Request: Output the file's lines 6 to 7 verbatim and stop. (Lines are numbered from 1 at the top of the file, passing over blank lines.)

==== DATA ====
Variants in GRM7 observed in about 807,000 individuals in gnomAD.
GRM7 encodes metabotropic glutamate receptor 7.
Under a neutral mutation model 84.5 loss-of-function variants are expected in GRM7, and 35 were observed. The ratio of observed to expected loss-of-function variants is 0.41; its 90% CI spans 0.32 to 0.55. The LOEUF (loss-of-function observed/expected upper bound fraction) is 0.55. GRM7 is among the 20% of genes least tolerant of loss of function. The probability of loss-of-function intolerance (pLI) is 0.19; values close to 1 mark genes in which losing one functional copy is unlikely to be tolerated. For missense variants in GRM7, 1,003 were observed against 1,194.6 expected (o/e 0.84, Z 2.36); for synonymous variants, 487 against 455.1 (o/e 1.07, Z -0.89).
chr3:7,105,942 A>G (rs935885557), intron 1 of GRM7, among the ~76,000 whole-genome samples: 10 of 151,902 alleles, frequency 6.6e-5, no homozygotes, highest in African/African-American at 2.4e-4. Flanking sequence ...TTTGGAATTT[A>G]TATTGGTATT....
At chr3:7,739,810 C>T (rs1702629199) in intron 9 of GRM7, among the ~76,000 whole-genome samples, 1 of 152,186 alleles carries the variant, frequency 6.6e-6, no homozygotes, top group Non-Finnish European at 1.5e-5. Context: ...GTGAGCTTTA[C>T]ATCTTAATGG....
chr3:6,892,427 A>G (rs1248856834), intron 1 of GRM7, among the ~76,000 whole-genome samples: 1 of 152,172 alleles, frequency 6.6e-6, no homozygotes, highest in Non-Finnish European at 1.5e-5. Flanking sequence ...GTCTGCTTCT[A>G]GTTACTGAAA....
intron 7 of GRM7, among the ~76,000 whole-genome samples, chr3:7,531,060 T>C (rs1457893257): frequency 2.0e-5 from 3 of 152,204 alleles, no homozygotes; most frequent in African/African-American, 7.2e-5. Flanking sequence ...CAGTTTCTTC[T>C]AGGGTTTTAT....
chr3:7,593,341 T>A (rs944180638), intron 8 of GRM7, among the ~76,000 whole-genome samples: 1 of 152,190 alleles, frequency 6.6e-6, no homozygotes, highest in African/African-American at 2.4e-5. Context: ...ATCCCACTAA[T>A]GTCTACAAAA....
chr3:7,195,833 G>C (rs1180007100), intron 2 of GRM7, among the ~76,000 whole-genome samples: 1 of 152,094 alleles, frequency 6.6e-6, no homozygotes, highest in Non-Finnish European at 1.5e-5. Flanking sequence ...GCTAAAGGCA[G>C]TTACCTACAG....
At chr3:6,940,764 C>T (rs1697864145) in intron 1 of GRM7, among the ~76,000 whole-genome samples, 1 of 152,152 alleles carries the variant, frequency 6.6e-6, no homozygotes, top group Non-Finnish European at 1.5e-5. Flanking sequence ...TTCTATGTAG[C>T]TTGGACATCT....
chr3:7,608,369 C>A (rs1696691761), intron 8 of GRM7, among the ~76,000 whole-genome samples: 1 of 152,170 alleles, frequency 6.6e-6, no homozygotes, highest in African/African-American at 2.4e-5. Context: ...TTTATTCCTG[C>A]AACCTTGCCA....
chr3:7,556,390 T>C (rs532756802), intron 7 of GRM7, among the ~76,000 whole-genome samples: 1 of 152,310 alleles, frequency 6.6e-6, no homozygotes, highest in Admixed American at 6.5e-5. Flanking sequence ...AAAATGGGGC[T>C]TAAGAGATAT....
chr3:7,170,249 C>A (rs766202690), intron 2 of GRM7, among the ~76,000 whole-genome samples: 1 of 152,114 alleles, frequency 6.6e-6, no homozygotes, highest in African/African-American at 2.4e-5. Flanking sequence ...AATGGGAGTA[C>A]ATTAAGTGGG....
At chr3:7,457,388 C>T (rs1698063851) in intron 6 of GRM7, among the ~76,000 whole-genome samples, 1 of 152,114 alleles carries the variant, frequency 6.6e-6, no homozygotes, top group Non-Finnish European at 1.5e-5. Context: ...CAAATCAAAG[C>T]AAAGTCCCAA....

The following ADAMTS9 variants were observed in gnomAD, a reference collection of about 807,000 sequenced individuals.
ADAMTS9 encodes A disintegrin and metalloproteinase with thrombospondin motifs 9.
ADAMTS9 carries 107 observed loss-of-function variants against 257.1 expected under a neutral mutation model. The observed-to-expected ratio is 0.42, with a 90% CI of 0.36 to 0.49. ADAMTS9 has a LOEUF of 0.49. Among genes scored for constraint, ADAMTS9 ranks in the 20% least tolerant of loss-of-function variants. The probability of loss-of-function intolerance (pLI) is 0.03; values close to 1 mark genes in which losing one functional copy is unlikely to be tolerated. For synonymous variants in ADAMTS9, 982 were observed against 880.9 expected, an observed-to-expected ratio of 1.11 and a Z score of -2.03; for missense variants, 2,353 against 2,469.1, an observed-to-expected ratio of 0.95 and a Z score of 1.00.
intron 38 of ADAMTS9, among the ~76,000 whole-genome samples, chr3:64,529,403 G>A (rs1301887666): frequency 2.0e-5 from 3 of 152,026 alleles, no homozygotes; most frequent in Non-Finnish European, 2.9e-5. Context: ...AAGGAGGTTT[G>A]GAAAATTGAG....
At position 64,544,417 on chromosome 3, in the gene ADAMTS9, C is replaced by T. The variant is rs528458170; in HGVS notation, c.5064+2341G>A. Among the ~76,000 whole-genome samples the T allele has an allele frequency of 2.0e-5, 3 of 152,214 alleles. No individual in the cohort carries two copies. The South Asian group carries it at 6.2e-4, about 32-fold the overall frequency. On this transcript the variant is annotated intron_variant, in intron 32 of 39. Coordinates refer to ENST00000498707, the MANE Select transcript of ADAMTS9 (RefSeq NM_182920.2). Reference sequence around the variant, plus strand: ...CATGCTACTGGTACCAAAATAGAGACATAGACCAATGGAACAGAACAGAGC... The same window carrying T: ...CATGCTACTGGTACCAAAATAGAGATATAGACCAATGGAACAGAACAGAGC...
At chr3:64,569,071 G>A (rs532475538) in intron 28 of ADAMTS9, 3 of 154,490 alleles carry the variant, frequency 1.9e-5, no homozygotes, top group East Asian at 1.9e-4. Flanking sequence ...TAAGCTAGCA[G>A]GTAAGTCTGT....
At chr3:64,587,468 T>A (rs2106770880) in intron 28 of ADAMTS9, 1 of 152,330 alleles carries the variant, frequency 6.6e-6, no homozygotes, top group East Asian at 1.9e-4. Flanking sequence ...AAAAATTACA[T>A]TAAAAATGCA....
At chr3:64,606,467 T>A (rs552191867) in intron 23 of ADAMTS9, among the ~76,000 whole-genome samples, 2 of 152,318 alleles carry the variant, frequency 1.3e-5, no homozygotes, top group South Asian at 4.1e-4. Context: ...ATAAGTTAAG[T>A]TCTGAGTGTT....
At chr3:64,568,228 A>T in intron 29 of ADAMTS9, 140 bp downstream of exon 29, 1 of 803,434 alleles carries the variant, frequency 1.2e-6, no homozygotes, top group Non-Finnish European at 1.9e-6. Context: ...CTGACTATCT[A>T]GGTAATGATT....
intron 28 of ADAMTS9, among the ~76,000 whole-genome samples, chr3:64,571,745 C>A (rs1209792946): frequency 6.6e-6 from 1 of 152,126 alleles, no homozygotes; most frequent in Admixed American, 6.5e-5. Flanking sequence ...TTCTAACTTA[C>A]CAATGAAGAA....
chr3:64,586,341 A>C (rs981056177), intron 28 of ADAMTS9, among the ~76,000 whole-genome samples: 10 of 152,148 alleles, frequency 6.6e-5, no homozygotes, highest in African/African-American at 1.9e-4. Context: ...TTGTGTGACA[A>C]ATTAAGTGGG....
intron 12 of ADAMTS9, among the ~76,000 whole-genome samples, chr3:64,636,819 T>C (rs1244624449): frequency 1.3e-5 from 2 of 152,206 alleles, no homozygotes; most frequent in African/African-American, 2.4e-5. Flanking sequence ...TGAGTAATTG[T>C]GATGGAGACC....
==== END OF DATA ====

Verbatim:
chr3:6,892,427 A>G (rs1248856834), intron 1 of GRM7, among the ~76,000 whole-genome samples: 1 of 152,172 alleles, frequency 6.6e-6, no homozygotes, highest in Non-Finnish European at 1.5e-5. Flanking sequence ...GTCTGCTTCT[A>G]GTTACTGAAA....
intron 7 of GRM7, among the ~76,000 whole-genome samples, chr3:7,531,060 T>C (rs1457893257): frequency 2.0e-5 from 3 of 152,204 alleles, no homozygotes; most frequent in African/African-American, 7.2e-5. Flanking sequence ...CAGTTTCTTC[T>C]AGGGTTTTAT....